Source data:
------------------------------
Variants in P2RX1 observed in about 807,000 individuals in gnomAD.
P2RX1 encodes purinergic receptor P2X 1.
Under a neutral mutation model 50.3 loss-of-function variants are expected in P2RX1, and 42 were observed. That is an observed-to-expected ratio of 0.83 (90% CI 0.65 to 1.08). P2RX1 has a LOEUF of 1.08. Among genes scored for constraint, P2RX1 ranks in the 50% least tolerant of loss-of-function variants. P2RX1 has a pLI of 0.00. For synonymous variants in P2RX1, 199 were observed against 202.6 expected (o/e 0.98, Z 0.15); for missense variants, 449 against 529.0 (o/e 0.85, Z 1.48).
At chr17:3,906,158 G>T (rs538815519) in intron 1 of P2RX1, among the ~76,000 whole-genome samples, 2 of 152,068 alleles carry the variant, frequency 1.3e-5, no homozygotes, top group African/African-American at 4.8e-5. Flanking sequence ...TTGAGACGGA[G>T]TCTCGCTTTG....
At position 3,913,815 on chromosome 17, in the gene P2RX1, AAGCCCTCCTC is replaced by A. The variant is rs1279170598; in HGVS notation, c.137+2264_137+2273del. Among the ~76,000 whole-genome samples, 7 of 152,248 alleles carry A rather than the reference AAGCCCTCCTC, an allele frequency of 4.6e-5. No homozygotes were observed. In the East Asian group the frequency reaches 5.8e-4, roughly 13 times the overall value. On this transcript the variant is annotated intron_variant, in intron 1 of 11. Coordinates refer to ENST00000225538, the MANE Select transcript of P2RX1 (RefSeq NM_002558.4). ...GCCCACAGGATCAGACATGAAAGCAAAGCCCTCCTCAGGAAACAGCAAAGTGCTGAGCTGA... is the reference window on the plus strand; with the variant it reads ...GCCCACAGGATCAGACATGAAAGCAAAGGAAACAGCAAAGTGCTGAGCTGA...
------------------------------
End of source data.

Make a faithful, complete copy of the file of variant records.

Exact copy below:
Variants in P2RX1 observed in about 807,000 individuals in gnomAD.
P2RX1 encodes purinergic receptor P2X 1.
Under a neutral mutation model 50.3 loss-of-function variants are expected in P2RX1, and 42 were observed. That is an observed-to-expected ratio of 0.83 (90% CI 0.65 to 1.08). P2RX1 has a LOEUF of 1.08. Among genes scored for constraint, P2RX1 ranks in the 50% least tolerant of loss-of-function variants. P2RX1 has a pLI of 0.00. For synonymous variants in P2RX1, 199 were observed against 202.6 expected (o/e 0.98, Z 0.15); for missense variants, 449 against 529.0 (o/e 0.85, Z 1.48).
At chr17:3,906,158 G>T (rs538815519) in intron 1 of P2RX1, among the ~76,000 whole-genome samples, 2 of 152,068 alleles carry the variant, frequency 1.3e-5, no homozygotes, top group African/African-American at 4.8e-5. Flanking sequence ...TTGAGACGGA[G>T]TCTCGCTTTG....
At position 3,913,815 on chromosome 17, in the gene P2RX1, AAGCCCTCCTC is replaced by A. The variant is rs1279170598; in HGVS notation, c.137+2264_137+2273del. Among the ~76,000 whole-genome samples, 7 of 152,248 alleles carry A rather than the reference AAGCCCTCCTC, an allele frequency of 4.6e-5. No homozygotes were observed. In the East Asian group the frequency reaches 5.8e-4, roughly 13 times the overall value. On this transcript the variant is annotated intron_variant, in intron 1 of 11. Coordinates refer to ENST00000225538, the MANE Select transcript of P2RX1 (RefSeq NM_002558.4). ...GCCCACAGGATCAGACATGAAAGCAAAGCCCTCCTCAGGAAACAGCAAAGTGCTGAGCTGA... is the reference window on the plus strand; with the variant it reads ...GCCCACAGGATCAGACATGAAAGCAAAGGAAACAGCAAAGTGCTGAGCTGA...